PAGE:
This is my manifesto for Drama in Education and why I believe that teaching Drama and Theatre to young people, and working with young people through the medium of Drama and Theatre, is very important.
Fundamentally I believe in teaching the art of making theatre, and studying the theatre of others, makes people better people and equips them with the skills they need to make a success of themselves in whatever field of employment they go into the future.
I believe that all young people from the very start of their education to the age of 14 (and beyond) should have access to Drama and Theatre in their curriculum and that that Drama and Theatre is treated with the respect and esteem as a subject that other subjects in the curriculum receive.
The concept of Drama plays a major role in our lives. We all experience ‘real life’ drama in the form of our own personal experiences as well as ‘real life’ drama in the news and current affairs. We are also exposed to fictional drama in film, on television, and in the theatre. By studying drama’s impact on our culture we can start to look more critically at what these media offer us and we can choose whether or not to accept the messages that they give. By studying Drama we become intelligent spectators who can distinguish not only between what is good and bad drama, but it also helps us to make a distinction between ‘right’ and ‘wrong’ ideologies as well. We can start making informed decisions about all the drama that we see.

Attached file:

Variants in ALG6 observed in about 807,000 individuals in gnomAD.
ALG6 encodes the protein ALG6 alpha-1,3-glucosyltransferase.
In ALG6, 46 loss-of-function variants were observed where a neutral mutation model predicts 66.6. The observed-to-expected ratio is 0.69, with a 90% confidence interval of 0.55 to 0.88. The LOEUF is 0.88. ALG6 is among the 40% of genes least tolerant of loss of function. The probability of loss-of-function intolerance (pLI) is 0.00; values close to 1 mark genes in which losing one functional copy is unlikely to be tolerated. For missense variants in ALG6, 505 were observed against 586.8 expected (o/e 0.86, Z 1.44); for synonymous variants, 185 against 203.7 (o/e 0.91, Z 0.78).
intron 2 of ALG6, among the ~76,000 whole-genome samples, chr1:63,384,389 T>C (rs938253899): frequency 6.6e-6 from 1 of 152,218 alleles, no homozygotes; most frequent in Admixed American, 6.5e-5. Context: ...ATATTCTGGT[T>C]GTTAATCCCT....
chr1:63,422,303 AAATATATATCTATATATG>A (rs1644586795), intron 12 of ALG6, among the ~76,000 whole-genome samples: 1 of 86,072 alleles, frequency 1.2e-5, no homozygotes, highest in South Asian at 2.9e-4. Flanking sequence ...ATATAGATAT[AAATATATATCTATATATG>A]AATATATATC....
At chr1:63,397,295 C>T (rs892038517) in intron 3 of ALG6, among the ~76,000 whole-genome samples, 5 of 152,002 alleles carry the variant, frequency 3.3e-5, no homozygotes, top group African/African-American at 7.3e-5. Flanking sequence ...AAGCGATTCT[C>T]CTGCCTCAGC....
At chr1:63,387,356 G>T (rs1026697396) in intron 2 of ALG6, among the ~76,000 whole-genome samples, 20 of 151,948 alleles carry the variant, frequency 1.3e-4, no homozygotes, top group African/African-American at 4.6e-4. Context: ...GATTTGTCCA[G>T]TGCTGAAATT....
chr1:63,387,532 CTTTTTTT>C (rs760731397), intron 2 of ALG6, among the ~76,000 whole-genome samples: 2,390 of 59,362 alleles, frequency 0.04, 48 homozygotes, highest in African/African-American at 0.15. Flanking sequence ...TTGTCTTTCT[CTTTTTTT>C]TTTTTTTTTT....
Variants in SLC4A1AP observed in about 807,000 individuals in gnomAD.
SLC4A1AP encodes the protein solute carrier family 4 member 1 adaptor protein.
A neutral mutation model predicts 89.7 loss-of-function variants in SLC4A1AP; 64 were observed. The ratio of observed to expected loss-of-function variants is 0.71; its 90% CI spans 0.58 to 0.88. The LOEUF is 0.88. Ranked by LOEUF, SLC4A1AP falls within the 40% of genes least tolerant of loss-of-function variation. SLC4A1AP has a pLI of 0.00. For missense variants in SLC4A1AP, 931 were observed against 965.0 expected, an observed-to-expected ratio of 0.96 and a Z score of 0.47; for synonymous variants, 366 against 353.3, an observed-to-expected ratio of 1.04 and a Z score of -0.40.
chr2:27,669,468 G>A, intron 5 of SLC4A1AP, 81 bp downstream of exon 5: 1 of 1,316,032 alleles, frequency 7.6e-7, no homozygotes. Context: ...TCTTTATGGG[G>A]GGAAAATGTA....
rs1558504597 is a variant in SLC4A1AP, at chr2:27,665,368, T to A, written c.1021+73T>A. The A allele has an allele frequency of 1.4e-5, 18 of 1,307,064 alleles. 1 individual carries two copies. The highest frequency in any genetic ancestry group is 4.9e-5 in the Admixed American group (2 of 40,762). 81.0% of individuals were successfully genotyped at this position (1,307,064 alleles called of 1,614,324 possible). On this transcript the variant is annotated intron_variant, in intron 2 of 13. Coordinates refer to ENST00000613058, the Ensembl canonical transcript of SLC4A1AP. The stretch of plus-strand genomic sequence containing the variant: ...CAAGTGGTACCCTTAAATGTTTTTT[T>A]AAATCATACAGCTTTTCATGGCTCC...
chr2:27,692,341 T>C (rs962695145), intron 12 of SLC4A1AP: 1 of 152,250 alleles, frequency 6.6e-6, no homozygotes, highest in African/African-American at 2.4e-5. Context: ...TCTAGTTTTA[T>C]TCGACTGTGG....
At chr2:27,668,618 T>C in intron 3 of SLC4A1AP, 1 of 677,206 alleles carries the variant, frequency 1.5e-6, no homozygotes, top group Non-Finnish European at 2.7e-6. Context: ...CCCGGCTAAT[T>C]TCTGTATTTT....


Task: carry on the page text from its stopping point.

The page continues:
Through the research that we do into the theatre that we make and the theatre that we study, we learn multiple facets about different cultures, societies and histories. As we do so, we constantly make connections between those different cultures, societies and histories and our own. Through Drama and Theatre we begin to see our place in world, the influences and impacts that have generated our individual perspectives and indeed how we influence and impact the perspectives of others. Drama and Theatre widens our perspective.
It helps us to develop a greater understanding and empathy with those immediately around us, in the form of their friends and family, of those in our immediate local community, wider society in general and, perhaps most importantly, ourselves.
Studying Drama and Theatre both requires and develops emotional maturity, and it gives students a deep understanding of themselves.
The study of Drama and Theatre does not only involve using our voices and bodies but also emotions, creativity, risk, empathy and understanding it is able to engender a deep sense of self-esteem.
Drama and Theatre requires a great deal of peer trust, and so it plays an important role in teaching communication, listening and empathy skills. You are often asked to participate in group work, it helps us to explore relationships on and off stage. It helps with building self-confidence, speaking in public, and developing interpersonal skills. Drama and Theatre encourages resilience, empathy, engagement, self-development and good citizenship. Drama and Theatre helps us to be more aware how our physical presentation can affect the way people see us.
Studying Drama and Theatre is demanding, and teaches students that success only comes from hard work.
Ethically, the study of Drama and Theatre can provide the motivation to start to evaluate our own values and beliefs, reflect on them and make them more secure for the future.